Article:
Inflation had been a problem for a lot of people. The retirees are the ones that have been facing the full force of inflation, though, and it is indeed something that is going to cause more problems in the future too. There have been several people that have been facing the problem as Linehan here.

Rising inflation is a concern for Kevin Linehan, 68, a retiree in Fitchburg, Massachusetts. After a heart attack at age 44, Linehan left his career with the Postal Service early, opting for reduced disability retirement income. “It wasn’t the best financial thing to do,” he said. “But at the time, it seemed like my life was more important than the job.”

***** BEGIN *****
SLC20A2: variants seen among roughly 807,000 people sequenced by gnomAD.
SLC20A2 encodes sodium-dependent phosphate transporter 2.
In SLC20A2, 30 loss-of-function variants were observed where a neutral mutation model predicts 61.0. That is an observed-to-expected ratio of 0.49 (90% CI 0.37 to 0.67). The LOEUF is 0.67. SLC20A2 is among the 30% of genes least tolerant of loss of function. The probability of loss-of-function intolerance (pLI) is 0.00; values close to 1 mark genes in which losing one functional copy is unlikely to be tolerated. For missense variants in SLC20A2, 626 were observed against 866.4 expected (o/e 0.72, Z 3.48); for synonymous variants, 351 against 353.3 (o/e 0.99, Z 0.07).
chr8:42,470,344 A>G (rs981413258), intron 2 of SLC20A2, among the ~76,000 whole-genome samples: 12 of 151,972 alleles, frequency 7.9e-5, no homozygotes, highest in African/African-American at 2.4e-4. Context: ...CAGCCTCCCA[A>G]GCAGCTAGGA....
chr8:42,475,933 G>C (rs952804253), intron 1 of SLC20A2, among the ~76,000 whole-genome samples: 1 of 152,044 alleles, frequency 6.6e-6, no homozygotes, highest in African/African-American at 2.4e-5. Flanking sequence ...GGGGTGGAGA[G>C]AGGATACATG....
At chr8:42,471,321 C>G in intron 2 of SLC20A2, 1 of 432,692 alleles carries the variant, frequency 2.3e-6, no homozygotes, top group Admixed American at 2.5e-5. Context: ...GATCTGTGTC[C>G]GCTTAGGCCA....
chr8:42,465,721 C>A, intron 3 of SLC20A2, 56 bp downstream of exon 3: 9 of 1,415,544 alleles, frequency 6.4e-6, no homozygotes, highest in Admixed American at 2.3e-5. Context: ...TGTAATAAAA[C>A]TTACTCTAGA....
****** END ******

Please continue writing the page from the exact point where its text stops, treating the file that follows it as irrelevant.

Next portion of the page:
Inflation is The Silent Killer

Linehan had noticed a spike in the rise of the necessary items in life and gasoline too. All the foods and necessities are also facing a high rise in price. “It’s like now that we’re getting over [the pandemic] everybody’s jacking prices up,” he said.

The rising food costs have been particularly troubling for Linehan, who receives monthly benefits from the Supplemental Nutrition Assistance Program, known as SNAP. While SNAP benefits grew during the pandemic, he expects it to drop back to $16 per month once the state’s Covid-19 relief runs out.

“I don’t know how much longer, [the extra benefits] are gonna last, but that’s helped me out tremendously,” he said.

“Inflation is the silent killer,” said certified financial planner Brad Lineberger, president of Seaside Wealth Management in Carlsbad, California. “It can erode purchasing power to the point where someone wakes up and can’t live the lifestyle they once did because they can’t afford to.”